Information and activity management

These are the skills required to work effectively and in an organized manner, with clear plans and reports, with the purpose of achieving sales goals and targets. This group involves three skill areas:

  • paperwork management—timely completion of records; and accurate recordkeeping

  • achieving goals, objectives, and targets—understanding targets and how to achieve them; and understanding financial metrics and drivers

  • planning and managing activities—planning activities to achieve objectives or solve problems; and managing records.

The audit found that there are no U.K. salespeople who are highly skilled in information and activity management, and those with above-average and below-average skills in this area are evenly split at 50 percent. Recordkeeping management proved to be the area where U.K. salespeople had the least amount of skills; 67 percent fall below the global average skill level and 33 percent have an above-average skill level.

Business skills

These are the skills required to establish personal and company credibility with the customer for the purpose of realizing benefits from the relationship. This final group of skills covers four areas:

  • self-management and professionalism—gaining customer and business awareness; completing actions; improving skills and performance; and setting and adhering to standards and accountability

  • problem solving—analyzing problems; using others' expertise; and using logic and new approaches for problem solving

  • exercising judgment and making decisions—prioritizing; evaluating risk; evaluating and responding to customer problems or inquiries; and deciding when and how to seek further information or refer to others

  • resilience and follow-through—coping with multiple conflicting pressures; having persistence; and initiating and committing to delivery.

The study found that 66 percent of those surveyed are at a level that would make them successful, but only 4 percent are in a position to achieve excellence. Seventy-four percent of respondents had above-average problem solving skills, while self-management and professionalism skills in the United Kingdom sit at 65 percent above the average.

Salespeople in the United Kingdom also performed well when it comes to resilience and follow-through; 52 percent of them perform above the average and a further 13 percent are excellent in this regard.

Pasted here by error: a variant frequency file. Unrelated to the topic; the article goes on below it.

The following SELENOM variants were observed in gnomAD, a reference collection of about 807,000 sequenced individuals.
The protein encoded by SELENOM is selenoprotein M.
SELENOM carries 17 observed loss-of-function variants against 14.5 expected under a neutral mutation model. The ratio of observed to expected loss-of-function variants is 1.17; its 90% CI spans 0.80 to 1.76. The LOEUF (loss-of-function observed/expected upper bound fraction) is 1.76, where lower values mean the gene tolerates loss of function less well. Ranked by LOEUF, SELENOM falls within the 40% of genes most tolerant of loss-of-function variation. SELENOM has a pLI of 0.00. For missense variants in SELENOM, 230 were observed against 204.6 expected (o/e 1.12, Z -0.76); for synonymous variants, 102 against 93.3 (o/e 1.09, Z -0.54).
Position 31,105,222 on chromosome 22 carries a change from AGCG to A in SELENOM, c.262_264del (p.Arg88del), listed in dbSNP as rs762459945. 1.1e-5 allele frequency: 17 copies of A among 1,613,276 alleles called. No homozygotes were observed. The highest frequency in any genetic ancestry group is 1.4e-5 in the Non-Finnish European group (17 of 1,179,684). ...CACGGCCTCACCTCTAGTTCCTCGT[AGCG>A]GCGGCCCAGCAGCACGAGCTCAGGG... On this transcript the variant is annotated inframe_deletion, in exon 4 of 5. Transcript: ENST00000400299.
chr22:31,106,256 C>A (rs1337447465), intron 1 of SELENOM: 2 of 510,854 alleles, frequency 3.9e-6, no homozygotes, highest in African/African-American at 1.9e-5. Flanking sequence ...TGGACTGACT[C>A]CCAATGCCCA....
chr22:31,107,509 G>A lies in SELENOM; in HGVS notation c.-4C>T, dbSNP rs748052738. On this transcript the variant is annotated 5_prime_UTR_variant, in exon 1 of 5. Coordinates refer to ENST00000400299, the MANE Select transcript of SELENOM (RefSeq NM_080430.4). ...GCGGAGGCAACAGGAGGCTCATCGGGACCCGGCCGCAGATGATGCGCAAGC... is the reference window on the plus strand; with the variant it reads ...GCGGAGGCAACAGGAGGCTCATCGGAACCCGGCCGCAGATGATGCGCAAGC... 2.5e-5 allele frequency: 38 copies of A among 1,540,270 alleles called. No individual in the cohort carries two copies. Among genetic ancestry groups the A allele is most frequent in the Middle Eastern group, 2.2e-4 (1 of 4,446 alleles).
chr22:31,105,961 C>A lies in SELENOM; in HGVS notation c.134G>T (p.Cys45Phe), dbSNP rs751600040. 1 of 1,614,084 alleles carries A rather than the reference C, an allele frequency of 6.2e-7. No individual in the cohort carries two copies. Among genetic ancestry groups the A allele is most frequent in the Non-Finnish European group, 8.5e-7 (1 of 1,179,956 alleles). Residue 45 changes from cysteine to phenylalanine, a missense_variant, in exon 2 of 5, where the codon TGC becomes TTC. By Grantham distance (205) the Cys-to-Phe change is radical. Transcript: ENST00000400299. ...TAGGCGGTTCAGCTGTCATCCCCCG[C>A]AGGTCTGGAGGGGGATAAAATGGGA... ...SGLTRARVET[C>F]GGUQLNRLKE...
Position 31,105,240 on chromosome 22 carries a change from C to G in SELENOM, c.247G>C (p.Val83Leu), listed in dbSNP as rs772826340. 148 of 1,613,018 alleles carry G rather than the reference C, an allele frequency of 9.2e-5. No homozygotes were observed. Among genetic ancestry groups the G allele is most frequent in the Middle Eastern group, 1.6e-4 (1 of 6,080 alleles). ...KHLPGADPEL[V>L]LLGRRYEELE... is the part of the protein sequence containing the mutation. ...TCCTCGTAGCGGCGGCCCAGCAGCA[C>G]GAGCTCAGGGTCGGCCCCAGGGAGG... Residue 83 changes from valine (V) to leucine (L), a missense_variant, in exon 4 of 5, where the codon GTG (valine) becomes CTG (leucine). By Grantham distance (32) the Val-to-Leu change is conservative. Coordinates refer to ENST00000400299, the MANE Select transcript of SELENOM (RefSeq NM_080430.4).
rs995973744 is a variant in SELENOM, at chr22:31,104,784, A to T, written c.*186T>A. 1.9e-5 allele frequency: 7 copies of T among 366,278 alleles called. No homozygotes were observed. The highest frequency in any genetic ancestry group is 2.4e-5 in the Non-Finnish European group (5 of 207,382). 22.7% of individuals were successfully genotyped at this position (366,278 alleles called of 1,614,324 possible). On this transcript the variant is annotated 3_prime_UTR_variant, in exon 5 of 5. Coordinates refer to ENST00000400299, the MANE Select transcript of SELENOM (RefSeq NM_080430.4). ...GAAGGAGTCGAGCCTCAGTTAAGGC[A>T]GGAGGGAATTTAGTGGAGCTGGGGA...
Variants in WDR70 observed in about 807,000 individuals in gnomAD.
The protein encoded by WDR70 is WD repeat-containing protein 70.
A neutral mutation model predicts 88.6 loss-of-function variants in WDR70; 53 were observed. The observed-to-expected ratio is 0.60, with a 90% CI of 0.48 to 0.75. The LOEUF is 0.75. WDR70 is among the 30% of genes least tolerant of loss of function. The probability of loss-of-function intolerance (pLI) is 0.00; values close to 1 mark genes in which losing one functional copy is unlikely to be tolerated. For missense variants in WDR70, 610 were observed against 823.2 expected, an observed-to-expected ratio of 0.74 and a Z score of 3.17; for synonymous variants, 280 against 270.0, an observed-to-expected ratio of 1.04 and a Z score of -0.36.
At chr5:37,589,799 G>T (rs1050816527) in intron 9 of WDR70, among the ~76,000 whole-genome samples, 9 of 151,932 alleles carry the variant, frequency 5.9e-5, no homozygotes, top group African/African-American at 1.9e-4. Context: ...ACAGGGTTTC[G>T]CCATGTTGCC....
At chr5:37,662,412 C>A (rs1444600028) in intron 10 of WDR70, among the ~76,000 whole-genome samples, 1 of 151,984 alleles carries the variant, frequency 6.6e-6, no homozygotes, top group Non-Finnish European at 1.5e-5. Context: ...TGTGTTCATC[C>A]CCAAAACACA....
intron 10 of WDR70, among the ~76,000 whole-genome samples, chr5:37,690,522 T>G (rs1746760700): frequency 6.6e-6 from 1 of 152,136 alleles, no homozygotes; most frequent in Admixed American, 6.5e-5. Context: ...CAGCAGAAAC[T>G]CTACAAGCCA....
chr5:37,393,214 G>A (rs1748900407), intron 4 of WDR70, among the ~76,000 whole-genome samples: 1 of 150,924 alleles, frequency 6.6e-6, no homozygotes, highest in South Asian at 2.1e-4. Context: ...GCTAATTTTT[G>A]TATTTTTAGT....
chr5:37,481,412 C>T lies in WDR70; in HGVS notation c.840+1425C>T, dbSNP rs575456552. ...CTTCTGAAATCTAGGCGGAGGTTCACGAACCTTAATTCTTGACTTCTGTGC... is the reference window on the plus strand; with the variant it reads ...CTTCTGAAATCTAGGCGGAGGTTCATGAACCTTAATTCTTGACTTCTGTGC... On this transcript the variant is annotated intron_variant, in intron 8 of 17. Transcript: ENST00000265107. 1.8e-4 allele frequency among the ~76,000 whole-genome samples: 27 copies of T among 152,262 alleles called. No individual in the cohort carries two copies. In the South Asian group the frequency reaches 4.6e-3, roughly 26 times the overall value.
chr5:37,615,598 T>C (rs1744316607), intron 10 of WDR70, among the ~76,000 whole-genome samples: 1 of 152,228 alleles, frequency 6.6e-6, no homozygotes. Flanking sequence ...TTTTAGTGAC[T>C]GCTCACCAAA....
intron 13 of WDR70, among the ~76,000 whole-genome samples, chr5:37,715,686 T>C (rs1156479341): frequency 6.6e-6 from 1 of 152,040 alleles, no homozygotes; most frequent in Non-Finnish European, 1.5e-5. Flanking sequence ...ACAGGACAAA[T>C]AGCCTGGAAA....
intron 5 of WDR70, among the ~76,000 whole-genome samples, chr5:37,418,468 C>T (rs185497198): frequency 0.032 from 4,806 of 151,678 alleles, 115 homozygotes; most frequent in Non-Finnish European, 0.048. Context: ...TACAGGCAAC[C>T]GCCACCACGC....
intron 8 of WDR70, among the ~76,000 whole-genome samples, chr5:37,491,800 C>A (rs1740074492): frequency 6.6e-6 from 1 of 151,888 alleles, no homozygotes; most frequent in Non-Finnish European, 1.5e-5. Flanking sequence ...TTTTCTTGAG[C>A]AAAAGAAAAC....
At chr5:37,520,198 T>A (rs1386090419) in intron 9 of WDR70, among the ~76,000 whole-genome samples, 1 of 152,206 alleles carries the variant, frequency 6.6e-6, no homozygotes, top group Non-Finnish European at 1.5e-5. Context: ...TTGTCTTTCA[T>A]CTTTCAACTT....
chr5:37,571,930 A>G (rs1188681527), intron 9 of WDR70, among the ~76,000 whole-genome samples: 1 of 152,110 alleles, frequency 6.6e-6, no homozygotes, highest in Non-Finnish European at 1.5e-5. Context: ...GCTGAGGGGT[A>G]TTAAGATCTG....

Training needs

The results of the audit indicate that sales skills in the United Kingdom need to improve dramatically, which means development needs to start as early as possible in a salesperson's career. To facilitate this, many of the underlying approaches to sales training may need to be challenged—and perhaps the just-in-time, bite-sized e-learning approach focused precisely on areas of skills deficits may soon replace many of today's broad-brush training approaches.

The figure below ("Sales Skills Development Priorities in the United Kingdom") indicates specifically where development priorities must lie in the United Kingdom. This information can help sales managers and sales directors develop their sales training plans moving forward.

Government figures show that 49 billion British pounds (approximately US$82 billion) were spent on training in 2011, when only 38 percent of employers had developed a training plan. How relevant these training plans are to real-world needs is still something of an unknown.

Where to from here?

The U.K. Sales Skills Audit will run every year, expanding both in the number of participants and number of countries in which it is run. Additionally, topic-based research will be conducted every quarter.

Ongoing studies compare salespeople who have achieved recognized qualifications with the general population. In the U.K. government's own research, huge differences were found in skill sets among sectors; this is something we are planning to explore in more detail at a later date.

There is significant evidence that the sales profession is in a perilous condition, and the objective for the U.K. Sales Skills Audit is to analyze the weaknesses to establish a basis for further research. One clear conclusion is that organizations need to invest more in training on the five core sales skills and particularly in areas where there are known weaknesses, such as in customer engagement.

By acting now, companies will increase their sales performance, profitability, and competitive advantage. Conversely, if organizations elect not to invest in their salespeople they could lose out to their competitors.

Sales Strengths and Weaknesses

Key sales strengths: Business skills

U.K. salespeople come across as credible. They have key strengths in areas of business, including problem solving, self-management, and professionalism. These results are generally expected in advanced economies such as the United Kingdom, where a significant level of investment in learning and development in these topics is expected to be in place.

Average sales skills: Customer contact

U.K. salespeople are as good as most at getting in touch with the customer. However, an inability to advise customers, spot opportunities, ask probing questions, and communicate with customers will inevitably mean that salespeople will not be introducing enough new, quality opportunities into their sales pipelines.

Poor sales skills: Customer engagement

The lack of customer engagement skills shows up as the most deplorable findings in the whitepaper, and yet customer engagement is one of the most important competencies. These skills to correctly qualify leads are the primary factors in delivering reliable sales forecasts.

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September 2014 - TD Magazine